Cam Newton ran on to the Panthers’ practice field Tuesday morning, slapped hands with about 50 players and gave a pep talk about playing the game with passion and being a “trusted teammate.”
That Newton was addressing a group of high school players from the Carolinas and not his Panthers’ teammates mattered little to the second-year quarterback.
Newton was a surprise speaker before the Panthers’ annual 7-on-7 high school passing tournament, which included 12 teams from the area and as far away as Havelock, near the Outer Banks. Davidson Day knocked off Mallard Creek in the final, avenging a loss earlier in the day.
Davidson Day will play in the NFL’s High School Player Development 7-on-7 national tourney on July 14 in Indianapolis.
Newton played in the NFL-sponsored regional tournament in Atlanta when he was in high school, leading Westlake to the national championship game the summer before his junior year.
Newton spoke for about 10 minutes, telling players he was in their “shoes, cleats, helmets or whatever you want to call it” just a few years ago.
“How can you be on a football field and not be passionate?” Newton asked. “That’s like going to the cafeteria and you’re not eating.”
Newton then gathered the group around him and talked about football as a meal ticket.
“If you’re great at football, they’re giving money away,” he said. “This is my ticket so I can feed my family.”
Newton then broke the huddle with a shout of “All in!” As teams scattered across two of the Panthers’ three practice fields – the third is being re-sodded – Newton met briefly with the media, then hung around to check out the action.
“These guys are yearning for something. They’re in hopes of being the next Mohamed Massaquoi, being the next Chris Leak, being the next Tim Tebow, being the next Chris Weinke,” said Newton, referring to two Charlotteans (Massaquoi and Leak), a former Florida teammate (Tebow) and the ex-Panthers quarterback (Weinke) who worked with Newton last summer.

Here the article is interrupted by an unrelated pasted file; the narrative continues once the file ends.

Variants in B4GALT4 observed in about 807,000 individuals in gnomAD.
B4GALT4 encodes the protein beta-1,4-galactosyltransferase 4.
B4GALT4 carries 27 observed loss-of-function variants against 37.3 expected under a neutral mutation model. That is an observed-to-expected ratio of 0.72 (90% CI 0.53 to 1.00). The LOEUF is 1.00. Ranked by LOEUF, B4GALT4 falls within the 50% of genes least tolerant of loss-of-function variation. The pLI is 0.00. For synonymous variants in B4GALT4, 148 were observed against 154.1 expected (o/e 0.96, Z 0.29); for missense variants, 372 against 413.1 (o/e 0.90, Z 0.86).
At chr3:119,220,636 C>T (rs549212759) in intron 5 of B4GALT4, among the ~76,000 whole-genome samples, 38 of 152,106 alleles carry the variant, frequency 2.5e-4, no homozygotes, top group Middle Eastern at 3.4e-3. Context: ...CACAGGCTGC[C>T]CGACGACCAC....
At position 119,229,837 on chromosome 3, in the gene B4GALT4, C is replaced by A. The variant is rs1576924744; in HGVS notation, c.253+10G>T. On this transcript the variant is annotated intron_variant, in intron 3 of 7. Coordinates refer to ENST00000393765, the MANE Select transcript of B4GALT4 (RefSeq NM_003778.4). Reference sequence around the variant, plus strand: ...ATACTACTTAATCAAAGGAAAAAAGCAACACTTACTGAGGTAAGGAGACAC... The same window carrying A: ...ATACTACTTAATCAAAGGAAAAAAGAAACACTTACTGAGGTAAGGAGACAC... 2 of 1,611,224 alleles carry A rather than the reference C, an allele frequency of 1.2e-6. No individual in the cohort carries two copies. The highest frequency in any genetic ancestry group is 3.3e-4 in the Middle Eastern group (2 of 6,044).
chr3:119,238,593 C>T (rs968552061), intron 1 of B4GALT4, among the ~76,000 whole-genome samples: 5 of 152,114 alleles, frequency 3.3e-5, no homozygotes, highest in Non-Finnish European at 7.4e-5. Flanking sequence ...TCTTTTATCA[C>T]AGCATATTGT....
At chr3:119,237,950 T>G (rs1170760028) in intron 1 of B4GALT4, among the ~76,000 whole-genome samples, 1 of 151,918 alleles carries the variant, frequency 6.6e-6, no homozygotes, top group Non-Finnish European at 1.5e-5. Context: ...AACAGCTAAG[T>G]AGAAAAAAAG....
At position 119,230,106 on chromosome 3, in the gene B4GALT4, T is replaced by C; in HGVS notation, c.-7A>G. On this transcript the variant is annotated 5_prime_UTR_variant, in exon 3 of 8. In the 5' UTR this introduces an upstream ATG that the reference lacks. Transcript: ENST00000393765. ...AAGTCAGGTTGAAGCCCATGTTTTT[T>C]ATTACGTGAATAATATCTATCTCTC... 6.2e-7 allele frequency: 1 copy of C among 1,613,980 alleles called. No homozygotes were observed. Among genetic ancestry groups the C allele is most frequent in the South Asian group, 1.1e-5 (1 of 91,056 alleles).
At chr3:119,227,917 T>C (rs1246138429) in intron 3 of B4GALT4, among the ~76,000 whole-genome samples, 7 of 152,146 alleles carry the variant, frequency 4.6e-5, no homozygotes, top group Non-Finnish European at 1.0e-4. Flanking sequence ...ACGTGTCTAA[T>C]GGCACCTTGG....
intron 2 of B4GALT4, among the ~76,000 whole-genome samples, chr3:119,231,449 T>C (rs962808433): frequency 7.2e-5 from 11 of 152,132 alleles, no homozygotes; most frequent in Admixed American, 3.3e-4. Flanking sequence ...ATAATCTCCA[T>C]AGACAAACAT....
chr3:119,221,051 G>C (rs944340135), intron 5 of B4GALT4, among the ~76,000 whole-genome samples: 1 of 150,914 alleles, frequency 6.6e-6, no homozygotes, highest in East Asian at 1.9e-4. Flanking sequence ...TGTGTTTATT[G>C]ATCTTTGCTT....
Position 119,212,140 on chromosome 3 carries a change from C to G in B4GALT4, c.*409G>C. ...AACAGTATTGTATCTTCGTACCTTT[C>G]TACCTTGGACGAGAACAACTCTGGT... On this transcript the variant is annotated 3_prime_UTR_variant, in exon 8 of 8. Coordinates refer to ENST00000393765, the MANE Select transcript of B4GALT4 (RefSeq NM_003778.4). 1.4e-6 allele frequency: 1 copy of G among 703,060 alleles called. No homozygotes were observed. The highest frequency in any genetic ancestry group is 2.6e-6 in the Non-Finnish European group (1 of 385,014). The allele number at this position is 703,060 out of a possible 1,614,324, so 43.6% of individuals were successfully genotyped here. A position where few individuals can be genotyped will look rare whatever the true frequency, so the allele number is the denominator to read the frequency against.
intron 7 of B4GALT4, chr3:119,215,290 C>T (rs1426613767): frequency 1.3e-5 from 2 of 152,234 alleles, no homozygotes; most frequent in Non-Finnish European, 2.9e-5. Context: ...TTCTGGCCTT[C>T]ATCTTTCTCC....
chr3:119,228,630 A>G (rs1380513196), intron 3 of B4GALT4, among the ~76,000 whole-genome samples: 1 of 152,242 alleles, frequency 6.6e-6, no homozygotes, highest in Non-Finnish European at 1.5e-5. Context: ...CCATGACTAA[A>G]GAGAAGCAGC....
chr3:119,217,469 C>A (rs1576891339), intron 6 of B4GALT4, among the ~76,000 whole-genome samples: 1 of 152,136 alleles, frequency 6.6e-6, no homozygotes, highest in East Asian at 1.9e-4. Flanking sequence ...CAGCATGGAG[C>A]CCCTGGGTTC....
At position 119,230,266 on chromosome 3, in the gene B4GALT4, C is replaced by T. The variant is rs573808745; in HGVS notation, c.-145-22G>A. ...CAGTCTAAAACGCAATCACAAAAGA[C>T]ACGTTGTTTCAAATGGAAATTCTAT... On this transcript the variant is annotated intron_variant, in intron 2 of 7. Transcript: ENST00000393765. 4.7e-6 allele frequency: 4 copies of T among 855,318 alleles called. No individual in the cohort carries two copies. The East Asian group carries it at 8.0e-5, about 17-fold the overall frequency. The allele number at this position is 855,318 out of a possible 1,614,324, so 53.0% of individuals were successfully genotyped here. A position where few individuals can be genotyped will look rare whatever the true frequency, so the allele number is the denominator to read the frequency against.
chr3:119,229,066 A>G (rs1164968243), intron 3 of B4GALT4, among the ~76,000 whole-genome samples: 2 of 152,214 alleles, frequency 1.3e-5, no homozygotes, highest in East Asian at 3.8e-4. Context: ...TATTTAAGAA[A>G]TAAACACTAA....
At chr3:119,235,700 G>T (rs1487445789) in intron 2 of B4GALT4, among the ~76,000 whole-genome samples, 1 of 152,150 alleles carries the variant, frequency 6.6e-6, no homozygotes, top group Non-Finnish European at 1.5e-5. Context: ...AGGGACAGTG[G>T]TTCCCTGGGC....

“All the greats that played this game in college and went on to play it in the league, this is what those guys are passionate about,” Newton added. “Sometimes people don’t have that push, that nudge to get up and do it. My message today was be passionate about it.”
Newton’s 7-on-7 team advanced to the title game in Long Island, N.Y., before falling to a school from Washington, D.C.
“I just took pride in doing it. It was just organized ruckus for me. I felt like I could just go out and prove to somebody that I was worthy of being on this field,” he said. “I felt like if everybody played with that type of attitude, there was no losing.”
Newton grew up south of Atlanta as a fan of the Falcons and quarterback Michael Vick. But Newton said he never had any personal connections with the sports figures in his hometown.
“Even though there were a lot of people that came through my community that made it to the NFL or made it to stardom status, I couldn’t really say I could put my hands on someone and say, ‘Hey, I know this person. He just came to our school.’ And that’s what I’m trying to do a better job of,” Newton said.
“As the status grows as an athlete, as an entertainer, whatever you want to call it, your whole relationship with your community decreases. I want that to be the opposite with me,” Newton added. “As I get bigger, as I grow and mature, as my status grows, I want my impact in the community to grow bigger. I think people have to see my face. And I want to see their face because I want to get their impact, also.”
Newton said his summer schedule was “hectic,” beginning Tuesday night with an appearance in D.C. Newton will be at another 7-on-7 tournament – the IMG Madden national championships – on June 29 at IMG Academy in Bradenton, Fla.
Newton will host a skills challenge at IMG, then find Weinke for his own organized ruckus.
Said Newton: “I’m always going to squeeze a little bit of training in there.”
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